Austin Tri-Cyclist Blog

Thursday, February 27, 2014

Walburg Classic Race Report, February 22, 2014
Cat 5A race

by Kimble West, ATC 360 employee

Going into Walburg, I had been told the race would suit me well, which was the reason I got excited to do the race on Saturday. I had been warned by some veterans that Walburg is always a windy, poor weather race. The weather turned out alright temperature-wise, though the wind picked up and made for some excitement.
I woke up early Saturday morning to make sure I had time to pack everything I thought I might need into the car. With the way our weather had been, I packed some extra cold weather gear (which I was sure glad to have during my warmup). My teammate Chris and I got all of our gear and bikes loaded, and we headed out to Walburg. On our way to the race, we tried to keep each other relaxed by joking around and making fun of each other. Walburg was Chris's first road race and my first one of the season. As we made the turn off the highway towards Walburg, we struck a deal that we would yell at each other if one of us was doing too much work at the front. We were worried that we would waste all of our energy at the front and get dropped.

After getting registered, Chris and I warmed up.  We were told by a Cat 2 that a few breaks would go off the front, but the pack would reel them back in before the finish and not to worry about any breaks. We decided that he was probably right and that if anything we would just take a couple of pulls at the front to help the chase pull anything back in.

We did our last-minute checks and headed for the start line. Chris and I lined up at the back (we were a little late) with the 46 other Cat 5As. We lucked out, though; the race started out neutral, which gave us plenty of time to settle in and scope out a way to the front. Our race almost ended prematurely with a crash that happened right in front of us. The crash only involved one rider, and everyone else managed to escape unharmed, but it did make Chris and me give each other a bit of an uneasy laugh.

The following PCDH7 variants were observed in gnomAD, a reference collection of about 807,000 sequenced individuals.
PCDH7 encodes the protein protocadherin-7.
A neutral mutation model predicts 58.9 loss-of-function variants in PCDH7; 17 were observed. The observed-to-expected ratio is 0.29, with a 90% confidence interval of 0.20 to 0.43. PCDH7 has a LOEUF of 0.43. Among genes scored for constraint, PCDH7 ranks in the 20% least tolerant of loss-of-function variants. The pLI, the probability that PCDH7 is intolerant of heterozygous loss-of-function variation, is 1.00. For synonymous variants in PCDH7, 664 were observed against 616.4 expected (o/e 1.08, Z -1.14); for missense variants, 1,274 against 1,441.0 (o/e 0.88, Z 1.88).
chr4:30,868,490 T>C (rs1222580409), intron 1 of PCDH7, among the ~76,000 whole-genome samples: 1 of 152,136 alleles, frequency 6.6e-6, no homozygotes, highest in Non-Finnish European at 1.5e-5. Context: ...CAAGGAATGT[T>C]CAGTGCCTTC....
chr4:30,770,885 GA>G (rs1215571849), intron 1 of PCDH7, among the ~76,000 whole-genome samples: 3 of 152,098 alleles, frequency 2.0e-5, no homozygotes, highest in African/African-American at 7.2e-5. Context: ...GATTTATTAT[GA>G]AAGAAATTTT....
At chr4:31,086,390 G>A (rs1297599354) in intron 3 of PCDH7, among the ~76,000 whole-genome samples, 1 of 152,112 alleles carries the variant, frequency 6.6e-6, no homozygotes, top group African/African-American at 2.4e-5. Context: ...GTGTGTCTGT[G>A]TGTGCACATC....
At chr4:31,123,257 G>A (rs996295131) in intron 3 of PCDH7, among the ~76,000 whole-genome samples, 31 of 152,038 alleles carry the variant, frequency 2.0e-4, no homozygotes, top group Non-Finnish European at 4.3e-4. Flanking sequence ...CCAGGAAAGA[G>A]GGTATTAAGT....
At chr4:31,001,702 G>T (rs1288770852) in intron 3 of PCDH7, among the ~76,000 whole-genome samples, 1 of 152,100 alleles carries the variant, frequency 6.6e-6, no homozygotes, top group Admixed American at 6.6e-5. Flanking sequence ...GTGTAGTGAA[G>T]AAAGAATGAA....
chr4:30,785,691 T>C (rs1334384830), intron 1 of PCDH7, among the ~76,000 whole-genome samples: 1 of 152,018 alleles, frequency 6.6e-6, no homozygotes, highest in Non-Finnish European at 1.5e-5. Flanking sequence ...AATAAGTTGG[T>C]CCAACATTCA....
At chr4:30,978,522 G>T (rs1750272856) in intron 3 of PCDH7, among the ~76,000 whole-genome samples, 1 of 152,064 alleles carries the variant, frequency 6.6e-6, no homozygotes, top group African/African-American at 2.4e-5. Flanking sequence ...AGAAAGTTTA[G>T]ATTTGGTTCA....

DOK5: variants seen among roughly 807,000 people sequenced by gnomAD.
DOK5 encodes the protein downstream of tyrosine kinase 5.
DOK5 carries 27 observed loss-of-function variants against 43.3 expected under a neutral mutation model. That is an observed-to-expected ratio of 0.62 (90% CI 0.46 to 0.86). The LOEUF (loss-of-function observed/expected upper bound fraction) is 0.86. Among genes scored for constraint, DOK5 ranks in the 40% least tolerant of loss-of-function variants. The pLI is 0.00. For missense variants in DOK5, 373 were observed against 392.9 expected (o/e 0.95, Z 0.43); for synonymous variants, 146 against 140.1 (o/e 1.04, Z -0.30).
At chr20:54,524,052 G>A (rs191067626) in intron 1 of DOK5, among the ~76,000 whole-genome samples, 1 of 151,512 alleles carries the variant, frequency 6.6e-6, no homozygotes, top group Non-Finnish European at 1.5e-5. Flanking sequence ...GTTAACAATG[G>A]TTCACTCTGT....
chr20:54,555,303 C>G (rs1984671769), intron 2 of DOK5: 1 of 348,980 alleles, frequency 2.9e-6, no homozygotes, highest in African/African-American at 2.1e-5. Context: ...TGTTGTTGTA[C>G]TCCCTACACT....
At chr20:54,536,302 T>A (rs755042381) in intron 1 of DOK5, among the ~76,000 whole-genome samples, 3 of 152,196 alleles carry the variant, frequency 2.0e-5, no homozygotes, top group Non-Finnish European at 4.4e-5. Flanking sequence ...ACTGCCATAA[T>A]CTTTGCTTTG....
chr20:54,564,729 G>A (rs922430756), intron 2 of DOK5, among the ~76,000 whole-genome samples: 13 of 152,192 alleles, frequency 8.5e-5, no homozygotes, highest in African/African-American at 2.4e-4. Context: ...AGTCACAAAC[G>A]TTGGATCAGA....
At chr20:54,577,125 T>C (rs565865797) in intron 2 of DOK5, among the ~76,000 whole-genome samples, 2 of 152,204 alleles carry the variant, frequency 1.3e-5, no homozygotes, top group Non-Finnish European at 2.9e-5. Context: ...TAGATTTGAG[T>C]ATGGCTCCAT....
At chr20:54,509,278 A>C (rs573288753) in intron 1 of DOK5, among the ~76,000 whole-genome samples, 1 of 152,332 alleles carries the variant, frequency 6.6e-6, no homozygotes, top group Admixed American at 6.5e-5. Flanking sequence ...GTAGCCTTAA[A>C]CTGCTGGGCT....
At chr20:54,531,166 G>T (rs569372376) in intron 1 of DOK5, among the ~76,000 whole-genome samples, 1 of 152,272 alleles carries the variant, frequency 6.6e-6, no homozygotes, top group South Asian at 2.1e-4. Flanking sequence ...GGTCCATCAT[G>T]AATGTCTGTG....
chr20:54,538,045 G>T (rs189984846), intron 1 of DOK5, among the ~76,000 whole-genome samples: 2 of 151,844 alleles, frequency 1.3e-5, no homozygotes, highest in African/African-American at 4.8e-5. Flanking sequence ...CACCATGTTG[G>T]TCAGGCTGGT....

The race finally started. I looked back at Chris to make sure he was following me as I began moving up through the field. There was a nice tailwind in the first part of the race that kept our speeds pretty high. I could see a couple of guys making moves off the front, but nothing seemed very serious. Once we made it up to the first 15 or so riders, I found a spot to just sit in and keep from putting my nose in the wind, while Chris kept slowly making his way forward.

Somewhere around mile 7 or 8, a United Healthcare rider made a move and got away, and then a Jack & Adams rider chased after him. They started to work together and seemed to be making a decent gap on us. Chris moved up to the front and took a pull, but as he pulled off we slowed back down, and the break started to make more ground on us.

At about 11 miles into the 28 mile race, I realized I couldn't let a Jack & Adams rider beat Austin Tri Cyclist, so I moved up through the other riders thinking I would jump on the front and help reel those guys back in before they got away too far. I got on the front of the group to take a pull, but everyone around me slowed down. I was feeling really good and wanted to test my legs, so I made a move to bridge the gap.